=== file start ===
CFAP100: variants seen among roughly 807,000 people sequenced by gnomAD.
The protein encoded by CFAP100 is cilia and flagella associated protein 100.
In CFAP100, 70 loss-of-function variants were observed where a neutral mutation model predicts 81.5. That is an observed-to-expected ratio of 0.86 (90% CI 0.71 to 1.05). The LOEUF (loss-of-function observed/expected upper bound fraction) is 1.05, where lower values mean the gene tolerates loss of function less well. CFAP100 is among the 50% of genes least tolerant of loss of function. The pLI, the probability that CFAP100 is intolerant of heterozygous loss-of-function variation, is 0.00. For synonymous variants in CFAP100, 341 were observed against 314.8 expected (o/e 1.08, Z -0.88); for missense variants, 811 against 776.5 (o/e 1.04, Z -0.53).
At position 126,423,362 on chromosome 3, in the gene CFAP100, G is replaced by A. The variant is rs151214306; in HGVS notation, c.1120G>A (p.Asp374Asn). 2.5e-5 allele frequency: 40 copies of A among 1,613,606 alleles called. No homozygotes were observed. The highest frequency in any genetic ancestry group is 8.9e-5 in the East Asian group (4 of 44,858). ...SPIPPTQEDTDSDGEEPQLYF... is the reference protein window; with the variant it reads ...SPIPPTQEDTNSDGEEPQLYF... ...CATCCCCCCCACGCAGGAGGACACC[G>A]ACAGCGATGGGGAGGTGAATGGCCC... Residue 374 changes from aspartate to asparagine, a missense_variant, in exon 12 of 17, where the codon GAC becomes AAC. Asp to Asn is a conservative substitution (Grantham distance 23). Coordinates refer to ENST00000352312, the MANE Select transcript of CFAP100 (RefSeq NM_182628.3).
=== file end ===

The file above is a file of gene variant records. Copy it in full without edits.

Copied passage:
CFAP100: variants seen among roughly 807,000 people sequenced by gnomAD.
The protein encoded by CFAP100 is cilia and flagella associated protein 100.
In CFAP100, 70 loss-of-function variants were observed where a neutral mutation model predicts 81.5. That is an observed-to-expected ratio of 0.86 (90% CI 0.71 to 1.05). The LOEUF (loss-of-function observed/expected upper bound fraction) is 1.05, where lower values mean the gene tolerates loss of function less well. CFAP100 is among the 50% of genes least tolerant of loss of function. The pLI, the probability that CFAP100 is intolerant of heterozygous loss-of-function variation, is 0.00. For synonymous variants in CFAP100, 341 were observed against 314.8 expected (o/e 1.08, Z -0.88); for missense variants, 811 against 776.5 (o/e 1.04, Z -0.53).
At position 126,423,362 on chromosome 3, in the gene CFAP100, G is replaced by A. The variant is rs151214306; in HGVS notation, c.1120G>A (p.Asp374Asn). 2.5e-5 allele frequency: 40 copies of A among 1,613,606 alleles called. No homozygotes were observed. The highest frequency in any genetic ancestry group is 8.9e-5 in the East Asian group (4 of 44,858). ...SPIPPTQEDTDSDGEEPQLYF... is the reference protein window; with the variant it reads ...SPIPPTQEDTNSDGEEPQLYF... ...CATCCCCCCCACGCAGGAGGACACC[G>A]ACAGCGATGGGGAGGTGAATGGCCC... Residue 374 changes from aspartate to asparagine, a missense_variant, in exon 12 of 17, where the codon GAC becomes AAC. Asp to Asn is a conservative substitution (Grantham distance 23). Coordinates refer to ENST00000352312, the MANE Select transcript of CFAP100 (RefSeq NM_182628.3).